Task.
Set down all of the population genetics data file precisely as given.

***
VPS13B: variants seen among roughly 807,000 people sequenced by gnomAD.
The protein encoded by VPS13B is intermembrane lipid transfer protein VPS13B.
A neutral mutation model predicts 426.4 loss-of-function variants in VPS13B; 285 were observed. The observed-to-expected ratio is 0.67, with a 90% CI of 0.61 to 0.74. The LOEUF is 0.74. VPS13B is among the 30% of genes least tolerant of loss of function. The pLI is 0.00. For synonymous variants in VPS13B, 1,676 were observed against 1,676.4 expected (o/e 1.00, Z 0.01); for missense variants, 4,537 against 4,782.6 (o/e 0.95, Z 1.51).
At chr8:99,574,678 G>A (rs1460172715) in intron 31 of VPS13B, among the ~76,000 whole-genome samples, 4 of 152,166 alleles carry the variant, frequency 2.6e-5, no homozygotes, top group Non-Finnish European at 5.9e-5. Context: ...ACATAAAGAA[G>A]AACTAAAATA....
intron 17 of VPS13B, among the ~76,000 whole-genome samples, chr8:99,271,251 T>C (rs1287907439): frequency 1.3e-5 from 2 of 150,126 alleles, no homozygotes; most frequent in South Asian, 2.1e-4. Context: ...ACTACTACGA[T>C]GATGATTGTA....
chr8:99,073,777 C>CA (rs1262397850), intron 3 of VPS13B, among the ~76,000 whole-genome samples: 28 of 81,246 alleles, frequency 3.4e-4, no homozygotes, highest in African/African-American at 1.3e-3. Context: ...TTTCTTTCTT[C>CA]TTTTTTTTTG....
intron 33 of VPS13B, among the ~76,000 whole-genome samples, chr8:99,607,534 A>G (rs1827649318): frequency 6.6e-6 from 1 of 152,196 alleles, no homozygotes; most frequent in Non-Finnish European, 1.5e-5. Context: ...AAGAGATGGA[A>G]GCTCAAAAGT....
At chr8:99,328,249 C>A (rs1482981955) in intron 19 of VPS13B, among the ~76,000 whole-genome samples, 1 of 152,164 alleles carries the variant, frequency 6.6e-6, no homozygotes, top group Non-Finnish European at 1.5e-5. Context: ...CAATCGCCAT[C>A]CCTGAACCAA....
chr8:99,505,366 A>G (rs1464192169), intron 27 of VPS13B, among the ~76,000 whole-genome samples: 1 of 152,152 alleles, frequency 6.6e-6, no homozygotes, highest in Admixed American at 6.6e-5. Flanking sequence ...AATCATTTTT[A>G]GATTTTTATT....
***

VPS13B: variants seen among roughly 807,000 people sequenced by gnomAD.
The protein encoded by VPS13B is intermembrane lipid transfer protein VPS13B.
A neutral mutation model predicts 426.4 loss-of-function variants in VPS13B; 285 were observed. The observed-to-expected ratio is 0.67, with a 90% CI of 0.61 to 0.74. The LOEUF is 0.74. VPS13B is among the 30% of genes least tolerant of loss of function. The pLI is 0.00. For synonymous variants in VPS13B, 1,676 were observed against 1,676.4 expected (o/e 1.00, Z 0.01); for missense variants, 4,537 against 4,782.6 (o/e 0.95, Z 1.51).
At chr8:99,574,678 G>A (rs1460172715) in intron 31 of VPS13B, among the ~76,000 whole-genome samples, 4 of 152,166 alleles carry the variant, frequency 2.6e-5, no homozygotes, top group Non-Finnish European at 5.9e-5. Context: ...ACATAAAGAA[G>A]AACTAAAATA....
intron 17 of VPS13B, among the ~76,000 whole-genome samples, chr8:99,271,251 T>C (rs1287907439): frequency 1.3e-5 from 2 of 150,126 alleles, no homozygotes; most frequent in South Asian, 2.1e-4. Context: ...ACTACTACGA[T>C]GATGATTGTA....
chr8:99,073,777 C>CA (rs1262397850), intron 3 of VPS13B, among the ~76,000 whole-genome samples: 28 of 81,246 alleles, frequency 3.4e-4, no homozygotes, highest in African/African-American at 1.3e-3. Context: ...TTTCTTTCTT[C>CA]TTTTTTTTTG....
intron 33 of VPS13B, among the ~76,000 whole-genome samples, chr8:99,607,534 A>G (rs1827649318): frequency 6.6e-6 from 1 of 152,196 alleles, no homozygotes; most frequent in Non-Finnish European, 1.5e-5. Context: ...AAGAGATGGA[A>G]GCTCAAAAGT....
At chr8:99,328,249 C>A (rs1482981955) in intron 19 of VPS13B, among the ~76,000 whole-genome samples, 1 of 152,164 alleles carries the variant, frequency 6.6e-6, no homozygotes, top group Non-Finnish European at 1.5e-5. Context: ...CAATCGCCAT[C>A]CCTGAACCAA....
chr8:99,505,366 A>G (rs1464192169), intron 27 of VPS13B, among the ~76,000 whole-genome samples: 1 of 152,152 alleles, frequency 6.6e-6, no homozygotes, highest in Admixed American at 6.6e-5. Flanking sequence ...AATCATTTTT[A>G]GATTTTTATT....